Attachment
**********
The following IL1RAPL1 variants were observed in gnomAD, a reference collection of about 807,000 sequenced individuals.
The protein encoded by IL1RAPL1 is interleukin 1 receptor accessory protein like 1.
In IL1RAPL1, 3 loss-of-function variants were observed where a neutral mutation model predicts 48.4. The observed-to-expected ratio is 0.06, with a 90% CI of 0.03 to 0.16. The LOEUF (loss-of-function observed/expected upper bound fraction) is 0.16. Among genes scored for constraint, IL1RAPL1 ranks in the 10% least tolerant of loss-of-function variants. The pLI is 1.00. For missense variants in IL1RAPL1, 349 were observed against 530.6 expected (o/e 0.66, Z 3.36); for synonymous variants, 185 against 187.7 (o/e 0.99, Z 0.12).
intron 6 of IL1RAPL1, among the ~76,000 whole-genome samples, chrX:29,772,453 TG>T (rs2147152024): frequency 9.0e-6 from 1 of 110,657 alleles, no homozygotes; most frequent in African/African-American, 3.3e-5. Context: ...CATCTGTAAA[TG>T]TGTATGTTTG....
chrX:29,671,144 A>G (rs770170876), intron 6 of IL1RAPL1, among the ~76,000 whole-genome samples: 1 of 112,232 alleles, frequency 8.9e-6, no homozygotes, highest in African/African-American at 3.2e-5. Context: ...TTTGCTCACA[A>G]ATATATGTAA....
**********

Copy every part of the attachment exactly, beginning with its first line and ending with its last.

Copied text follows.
The following IL1RAPL1 variants were observed in gnomAD, a reference collection of about 807,000 sequenced individuals.
The protein encoded by IL1RAPL1 is interleukin 1 receptor accessory protein like 1.
In IL1RAPL1, 3 loss-of-function variants were observed where a neutral mutation model predicts 48.4. The observed-to-expected ratio is 0.06, with a 90% CI of 0.03 to 0.16. The LOEUF (loss-of-function observed/expected upper bound fraction) is 0.16. Among genes scored for constraint, IL1RAPL1 ranks in the 10% least tolerant of loss-of-function variants. The pLI is 1.00. For missense variants in IL1RAPL1, 349 were observed against 530.6 expected (o/e 0.66, Z 3.36); for synonymous variants, 185 against 187.7 (o/e 0.99, Z 0.12).
intron 6 of IL1RAPL1, among the ~76,000 whole-genome samples, chrX:29,772,453 TG>T (rs2147152024): frequency 9.0e-6 from 1 of 110,657 alleles, no homozygotes; most frequent in African/African-American, 3.3e-5. Context: ...CATCTGTAAA[TG>T]TGTATGTTTG....
chrX:29,671,144 A>G (rs770170876), intron 6 of IL1RAPL1, among the ~76,000 whole-genome samples: 1 of 112,232 alleles, frequency 8.9e-6, no homozygotes, highest in African/African-American at 3.2e-5. Context: ...TTTGCTCACA[A>G]ATATATGTAA....